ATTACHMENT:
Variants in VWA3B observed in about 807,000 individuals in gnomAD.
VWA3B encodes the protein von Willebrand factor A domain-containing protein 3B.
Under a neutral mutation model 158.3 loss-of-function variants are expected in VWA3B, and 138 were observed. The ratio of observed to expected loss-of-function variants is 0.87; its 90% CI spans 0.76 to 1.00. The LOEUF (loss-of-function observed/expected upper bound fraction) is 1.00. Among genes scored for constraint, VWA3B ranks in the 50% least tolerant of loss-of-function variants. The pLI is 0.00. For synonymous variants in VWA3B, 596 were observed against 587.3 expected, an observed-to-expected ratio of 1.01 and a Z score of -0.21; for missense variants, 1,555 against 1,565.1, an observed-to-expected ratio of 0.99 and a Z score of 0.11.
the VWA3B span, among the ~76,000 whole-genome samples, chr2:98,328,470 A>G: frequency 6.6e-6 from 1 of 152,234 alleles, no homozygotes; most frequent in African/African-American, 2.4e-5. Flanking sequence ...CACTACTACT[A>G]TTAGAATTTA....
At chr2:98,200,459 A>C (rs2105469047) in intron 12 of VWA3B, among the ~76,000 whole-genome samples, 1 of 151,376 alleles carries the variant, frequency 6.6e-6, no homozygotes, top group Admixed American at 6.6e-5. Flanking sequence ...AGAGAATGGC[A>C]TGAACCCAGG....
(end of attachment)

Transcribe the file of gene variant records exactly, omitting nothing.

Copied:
Variants in VWA3B observed in about 807,000 individuals in gnomAD.
VWA3B encodes the protein von Willebrand factor A domain-containing protein 3B.
Under a neutral mutation model 158.3 loss-of-function variants are expected in VWA3B, and 138 were observed. The ratio of observed to expected loss-of-function variants is 0.87; its 90% CI spans 0.76 to 1.00. The LOEUF (loss-of-function observed/expected upper bound fraction) is 1.00. Among genes scored for constraint, VWA3B ranks in the 50% least tolerant of loss-of-function variants. The pLI is 0.00. For synonymous variants in VWA3B, 596 were observed against 587.3 expected, an observed-to-expected ratio of 1.01 and a Z score of -0.21; for missense variants, 1,555 against 1,565.1, an observed-to-expected ratio of 0.99 and a Z score of 0.11.
the VWA3B span, among the ~76,000 whole-genome samples, chr2:98,328,470 A>G: frequency 6.6e-6 from 1 of 152,234 alleles, no homozygotes; most frequent in African/African-American, 2.4e-5. Flanking sequence ...CACTACTACT[A>G]TTAGAATTTA....
At chr2:98,200,459 A>C (rs2105469047) in intron 12 of VWA3B, among the ~76,000 whole-genome samples, 1 of 151,376 alleles carries the variant, frequency 6.6e-6, no homozygotes, top group Admixed American at 6.6e-5. Flanking sequence ...AGAGAATGGC[A>C]TGAACCCAGG....